What If? 1966 Ford F-100 Lightning
Welcome to What If, a new feature from imaginative illustrator Abimelec Arellano and Hagerty. We’ll be taking you back in time—and possibly forward into the future—to meet alternative-universe automobiles. Even better, our time machine is working well enough to bring “short take” reviews along with the photographs and advertisements. Buckle up and enjoy the ride! — Jack Baruth
(Originally published in The Pagan Science Monitor, November 1965 edition)
The humble “pick-’em-up truck,” familiar to most as the daily conveyance of plumbers, pipefitters, and other tradesmen, has certainly been putting on airs lately. Consider, if you will, Ford’s “F-100,” a common example of the breed. Last year, it acquired a “Twin I-Beam” front suspension device, presumably meant to reduce the bouncing of wrenches and whatnot in the workman’s cabin during operation. The advisability of such a change seems dubious; surely the average laborer possesses no princess-in-the-pea sensitivity to potholes whatsoever and will merely use the resulting additional road-handling compliance to increase the speed at which he returns to his domicile at the end of the day to indulge in a typical evening of drunkenness, spousal abuse, and consumption of low-class music by “The Beat-les,” “Muddied Waters,” and so forth.
Nevertheless, the Ford Motor Company’s irresponsible gratification of the proletariat appears to be proceeding apace with the introduction of a “F-100 Lightning” truck. This vehicle, which will be available for sale nationwide with no restrictions or conditions whatsoever, replaces the F-100’s standard 240-cubic-inch inline-six-cylinder power plant with a 428-cu-in V-8 possessing nearly three times the available power. Ford explained to us that the “Lightning” could produce 410 hp, and that it could cover a quarter-mile of ground from a standing start in 14.5 seconds. Left unsaid was the fact that such a vehicle, having arrived at the end of its timed test, would be traveling at a speed entirely unfit for the public highway!
The rest of the vehicle is the stuff of puerile, profoundly antisocial imaginings: an entirely superfluous fourth gear in the transmission for the express purpose of traveling at irrational speeds, a “Styleside” bed which replaces the honest and forthright “Stepside” pickup-box arrangement with a streamlined contour intended to promote further irresponsible operation, and an outlandish chromium-plated badge to announce the vehicle’s prowess. The “Lightning” possesses the newest tires featuring “radial-belted” construction, which is thought to improve road-handling. Why a pickup truck needs such capability is beyond understanding.
Ford’s planned introduction event for the “Lightning” was meant to take place last month in New Orleans, but it was canceled due to massive flooding from the natural disaster Hurricane Betsy. We can only assume that every precaution will be taken to prevent such a tragedy occurring a second time in the future. In place of this, we were given an exclusive long-distance phone call with Ford public relations man Leo Beebe.
When we inquired as to the moral culpability of providing the lower classes with a vehicle explicitly designed to endanger the American people, Beebe stifled an audible guffaw before lecturing us on a most improbable prospect: namely, that the “Lightning” is intended for successful middle-class Americans who would, in his crass words, “enjoy owning a really hot ride.” Beebe claimed that businessmen, attorneys, and even bankers would rush to purchase such a vehicle from their Ford representative. This idea is utterly risible. Surely no banker or respectable man would willingly operate a vehicle that could be mistaken for a blue-collar conveyance. Will our country clubs even permit such a thing to be parked with the members’ Cadillacs, or will it be expected to take the trades’ entrance?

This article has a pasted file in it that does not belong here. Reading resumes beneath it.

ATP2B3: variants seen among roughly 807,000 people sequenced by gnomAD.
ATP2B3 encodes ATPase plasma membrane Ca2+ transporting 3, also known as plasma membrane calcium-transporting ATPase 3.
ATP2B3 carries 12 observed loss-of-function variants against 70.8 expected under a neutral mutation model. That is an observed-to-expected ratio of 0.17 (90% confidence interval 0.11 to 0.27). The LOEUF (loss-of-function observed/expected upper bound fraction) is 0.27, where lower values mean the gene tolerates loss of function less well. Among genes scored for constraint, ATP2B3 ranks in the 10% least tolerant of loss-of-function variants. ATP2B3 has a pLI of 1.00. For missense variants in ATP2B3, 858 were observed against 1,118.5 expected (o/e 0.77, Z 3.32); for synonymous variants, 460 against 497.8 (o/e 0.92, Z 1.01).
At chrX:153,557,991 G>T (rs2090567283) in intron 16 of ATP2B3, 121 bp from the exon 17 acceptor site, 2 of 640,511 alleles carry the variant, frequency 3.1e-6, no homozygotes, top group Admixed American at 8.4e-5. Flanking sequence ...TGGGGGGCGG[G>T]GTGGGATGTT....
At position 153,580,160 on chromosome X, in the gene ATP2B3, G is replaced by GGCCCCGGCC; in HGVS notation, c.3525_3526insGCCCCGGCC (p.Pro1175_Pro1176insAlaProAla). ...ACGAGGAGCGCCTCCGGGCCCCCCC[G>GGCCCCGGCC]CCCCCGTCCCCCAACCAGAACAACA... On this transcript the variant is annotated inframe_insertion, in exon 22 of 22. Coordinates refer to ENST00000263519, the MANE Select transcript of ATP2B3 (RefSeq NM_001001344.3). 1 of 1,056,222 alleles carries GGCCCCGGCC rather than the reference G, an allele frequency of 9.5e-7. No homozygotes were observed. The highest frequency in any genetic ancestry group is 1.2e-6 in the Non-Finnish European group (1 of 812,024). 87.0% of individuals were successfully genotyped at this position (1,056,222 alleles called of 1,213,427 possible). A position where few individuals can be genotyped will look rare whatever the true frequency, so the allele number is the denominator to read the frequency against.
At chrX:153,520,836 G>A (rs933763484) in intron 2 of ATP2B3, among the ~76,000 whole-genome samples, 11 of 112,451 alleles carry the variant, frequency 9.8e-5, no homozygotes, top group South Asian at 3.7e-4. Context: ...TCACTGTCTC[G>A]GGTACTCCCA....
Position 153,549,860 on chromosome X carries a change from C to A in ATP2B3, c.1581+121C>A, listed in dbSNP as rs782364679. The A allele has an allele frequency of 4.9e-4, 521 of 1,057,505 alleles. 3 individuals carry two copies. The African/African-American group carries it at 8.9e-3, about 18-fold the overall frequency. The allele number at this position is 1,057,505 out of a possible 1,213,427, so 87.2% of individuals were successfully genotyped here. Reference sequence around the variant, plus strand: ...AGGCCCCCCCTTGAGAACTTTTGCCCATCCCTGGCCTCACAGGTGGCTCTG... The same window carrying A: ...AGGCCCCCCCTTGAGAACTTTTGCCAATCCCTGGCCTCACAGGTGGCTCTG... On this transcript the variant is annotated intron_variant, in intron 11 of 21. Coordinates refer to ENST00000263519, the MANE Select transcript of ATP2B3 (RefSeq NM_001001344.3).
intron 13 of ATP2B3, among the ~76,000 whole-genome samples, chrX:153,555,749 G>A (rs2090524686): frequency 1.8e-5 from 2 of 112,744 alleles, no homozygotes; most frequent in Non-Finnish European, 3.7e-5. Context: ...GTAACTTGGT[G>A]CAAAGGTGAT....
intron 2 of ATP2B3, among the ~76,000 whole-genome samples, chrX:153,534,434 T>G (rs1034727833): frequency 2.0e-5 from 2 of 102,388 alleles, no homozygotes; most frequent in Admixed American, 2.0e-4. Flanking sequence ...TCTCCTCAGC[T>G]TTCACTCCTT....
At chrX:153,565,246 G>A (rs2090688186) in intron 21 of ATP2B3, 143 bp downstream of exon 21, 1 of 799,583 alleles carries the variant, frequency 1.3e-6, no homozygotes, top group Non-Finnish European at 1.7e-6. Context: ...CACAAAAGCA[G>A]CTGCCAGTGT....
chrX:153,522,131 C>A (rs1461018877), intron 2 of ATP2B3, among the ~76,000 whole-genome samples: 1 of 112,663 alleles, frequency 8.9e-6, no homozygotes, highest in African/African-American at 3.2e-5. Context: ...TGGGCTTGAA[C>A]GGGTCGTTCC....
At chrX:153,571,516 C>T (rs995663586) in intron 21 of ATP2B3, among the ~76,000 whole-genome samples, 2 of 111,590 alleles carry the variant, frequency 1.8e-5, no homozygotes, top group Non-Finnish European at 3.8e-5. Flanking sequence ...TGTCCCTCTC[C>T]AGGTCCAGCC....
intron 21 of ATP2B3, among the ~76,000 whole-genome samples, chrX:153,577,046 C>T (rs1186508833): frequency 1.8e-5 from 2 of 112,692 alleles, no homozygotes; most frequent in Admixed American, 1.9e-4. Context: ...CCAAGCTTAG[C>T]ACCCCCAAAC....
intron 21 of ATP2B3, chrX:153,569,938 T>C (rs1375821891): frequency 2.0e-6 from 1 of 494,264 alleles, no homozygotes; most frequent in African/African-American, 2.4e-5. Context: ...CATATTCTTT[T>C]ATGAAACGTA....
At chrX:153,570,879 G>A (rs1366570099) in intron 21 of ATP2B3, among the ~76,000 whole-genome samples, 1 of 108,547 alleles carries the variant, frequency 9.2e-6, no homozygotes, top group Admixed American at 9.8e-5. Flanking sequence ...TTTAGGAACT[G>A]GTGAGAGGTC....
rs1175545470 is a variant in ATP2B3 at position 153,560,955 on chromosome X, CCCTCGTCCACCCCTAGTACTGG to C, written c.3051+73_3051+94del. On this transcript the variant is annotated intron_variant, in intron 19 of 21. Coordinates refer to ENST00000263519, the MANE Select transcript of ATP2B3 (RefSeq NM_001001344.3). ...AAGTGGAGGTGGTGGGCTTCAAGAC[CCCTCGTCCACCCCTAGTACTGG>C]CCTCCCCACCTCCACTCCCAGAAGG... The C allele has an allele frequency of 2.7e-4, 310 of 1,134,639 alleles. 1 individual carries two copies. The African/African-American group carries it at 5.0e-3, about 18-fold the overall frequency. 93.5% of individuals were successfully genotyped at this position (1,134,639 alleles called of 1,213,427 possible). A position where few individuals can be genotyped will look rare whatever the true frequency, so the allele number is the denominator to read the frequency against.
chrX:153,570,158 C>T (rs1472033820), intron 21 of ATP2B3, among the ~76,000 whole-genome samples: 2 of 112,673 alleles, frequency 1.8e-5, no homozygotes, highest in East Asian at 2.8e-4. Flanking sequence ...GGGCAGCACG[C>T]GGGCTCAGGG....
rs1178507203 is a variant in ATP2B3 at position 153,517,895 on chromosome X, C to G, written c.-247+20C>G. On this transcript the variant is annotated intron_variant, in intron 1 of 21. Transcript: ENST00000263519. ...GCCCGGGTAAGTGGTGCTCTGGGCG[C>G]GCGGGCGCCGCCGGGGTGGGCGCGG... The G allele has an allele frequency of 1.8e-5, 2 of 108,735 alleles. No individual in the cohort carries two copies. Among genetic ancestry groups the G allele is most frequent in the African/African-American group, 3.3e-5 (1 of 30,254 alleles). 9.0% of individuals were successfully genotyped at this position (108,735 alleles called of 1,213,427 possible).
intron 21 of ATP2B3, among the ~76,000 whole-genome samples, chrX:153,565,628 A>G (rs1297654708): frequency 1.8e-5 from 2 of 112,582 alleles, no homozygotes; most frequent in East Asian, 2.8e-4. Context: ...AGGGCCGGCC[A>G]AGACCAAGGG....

“You know,” Beebe continued, “some people may want to use this truck for the purposes of home improvement, what they are calling ‘do-it-yourself.'” Left unstated in Beebe’s communist fantasy of respectable men servicing their own homes is what would happen to the families “across the tracks” were such a thing to become commonplace. Having trespassed the limits of outrageousness, Beebe closed with a final remark of an explicitly insane nature. “We expect a few women to buy them, as well.”
Truly, we expected more from a firm with the Ford Motor Company’s spotless record on human and civil affairs. The “Lightning” offers a glimpse into a truly dark future. While it is an utter certainty that this youth of this country will never succumb to the siren song of socialist propaganda, it is easy to imagine the irresponsible glamour of the “Lightning” leading to everything from “casual days” at work, in which ties would be loosened to a half-inch or so below the collar, to the furtive, criminal consumption of “Mary Jane,” meaning the fruit of the intoxicating cannabis plant, in the basements and garrets of America’s tenement homes. The “Lightning” has just one redeeming quality: It refers to the gluttonous capacity of its oversized engine in liters, thereby presaging the immediate and salutary metrication of the United States. By 1970 we shall all refer to engines, and everything else, using the metric system. In the case of this truck, it is Ford’s single “Better Idea!”